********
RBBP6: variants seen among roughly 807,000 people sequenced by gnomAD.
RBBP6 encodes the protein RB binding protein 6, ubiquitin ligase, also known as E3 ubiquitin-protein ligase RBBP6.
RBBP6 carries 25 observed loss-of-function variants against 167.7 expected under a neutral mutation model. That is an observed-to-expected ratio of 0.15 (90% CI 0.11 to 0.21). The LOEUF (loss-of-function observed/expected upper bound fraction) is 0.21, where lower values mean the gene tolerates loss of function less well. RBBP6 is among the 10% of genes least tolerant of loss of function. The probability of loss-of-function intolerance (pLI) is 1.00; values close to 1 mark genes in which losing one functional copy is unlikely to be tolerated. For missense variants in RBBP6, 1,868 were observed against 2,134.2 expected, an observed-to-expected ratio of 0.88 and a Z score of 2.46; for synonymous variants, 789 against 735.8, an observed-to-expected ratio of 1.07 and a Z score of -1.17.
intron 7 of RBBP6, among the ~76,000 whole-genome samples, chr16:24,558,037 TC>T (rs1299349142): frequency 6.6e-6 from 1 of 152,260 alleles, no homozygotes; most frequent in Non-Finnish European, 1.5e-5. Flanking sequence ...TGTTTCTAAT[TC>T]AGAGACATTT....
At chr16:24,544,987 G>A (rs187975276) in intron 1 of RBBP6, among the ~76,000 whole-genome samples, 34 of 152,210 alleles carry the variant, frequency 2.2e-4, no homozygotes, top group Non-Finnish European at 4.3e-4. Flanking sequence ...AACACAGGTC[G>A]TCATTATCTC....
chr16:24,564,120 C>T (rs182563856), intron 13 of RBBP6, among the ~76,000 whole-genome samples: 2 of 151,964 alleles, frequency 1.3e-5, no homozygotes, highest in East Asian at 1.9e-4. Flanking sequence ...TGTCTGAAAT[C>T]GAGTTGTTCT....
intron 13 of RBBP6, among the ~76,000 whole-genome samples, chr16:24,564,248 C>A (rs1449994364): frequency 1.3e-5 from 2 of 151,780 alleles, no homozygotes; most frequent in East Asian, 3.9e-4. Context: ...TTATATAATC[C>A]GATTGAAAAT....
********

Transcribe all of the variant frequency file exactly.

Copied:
RBBP6: variants seen among roughly 807,000 people sequenced by gnomAD.
RBBP6 encodes the protein RB binding protein 6, ubiquitin ligase, also known as E3 ubiquitin-protein ligase RBBP6.
RBBP6 carries 25 observed loss-of-function variants against 167.7 expected under a neutral mutation model. That is an observed-to-expected ratio of 0.15 (90% CI 0.11 to 0.21). The LOEUF (loss-of-function observed/expected upper bound fraction) is 0.21, where lower values mean the gene tolerates loss of function less well. RBBP6 is among the 10% of genes least tolerant of loss of function. The probability of loss-of-function intolerance (pLI) is 1.00; values close to 1 mark genes in which losing one functional copy is unlikely to be tolerated. For missense variants in RBBP6, 1,868 were observed against 2,134.2 expected, an observed-to-expected ratio of 0.88 and a Z score of 2.46; for synonymous variants, 789 against 735.8, an observed-to-expected ratio of 1.07 and a Z score of -1.17.
intron 7 of RBBP6, among the ~76,000 whole-genome samples, chr16:24,558,037 TC>T (rs1299349142): frequency 6.6e-6 from 1 of 152,260 alleles, no homozygotes; most frequent in Non-Finnish European, 1.5e-5. Flanking sequence ...TGTTTCTAAT[TC>T]AGAGACATTT....
At chr16:24,544,987 G>A (rs187975276) in intron 1 of RBBP6, among the ~76,000 whole-genome samples, 34 of 152,210 alleles carry the variant, frequency 2.2e-4, no homozygotes, top group Non-Finnish European at 4.3e-4. Flanking sequence ...AACACAGGTC[G>A]TCATTATCTC....
chr16:24,564,120 C>T (rs182563856), intron 13 of RBBP6, among the ~76,000 whole-genome samples: 2 of 151,964 alleles, frequency 1.3e-5, no homozygotes, highest in East Asian at 1.9e-4. Flanking sequence ...TGTCTGAAAT[C>T]GAGTTGTTCT....
intron 13 of RBBP6, among the ~76,000 whole-genome samples, chr16:24,564,248 C>A (rs1449994364): frequency 1.3e-5 from 2 of 151,780 alleles, no homozygotes; most frequent in East Asian, 3.9e-4. Context: ...TTATATAATC[C>A]GATTGAAAAT....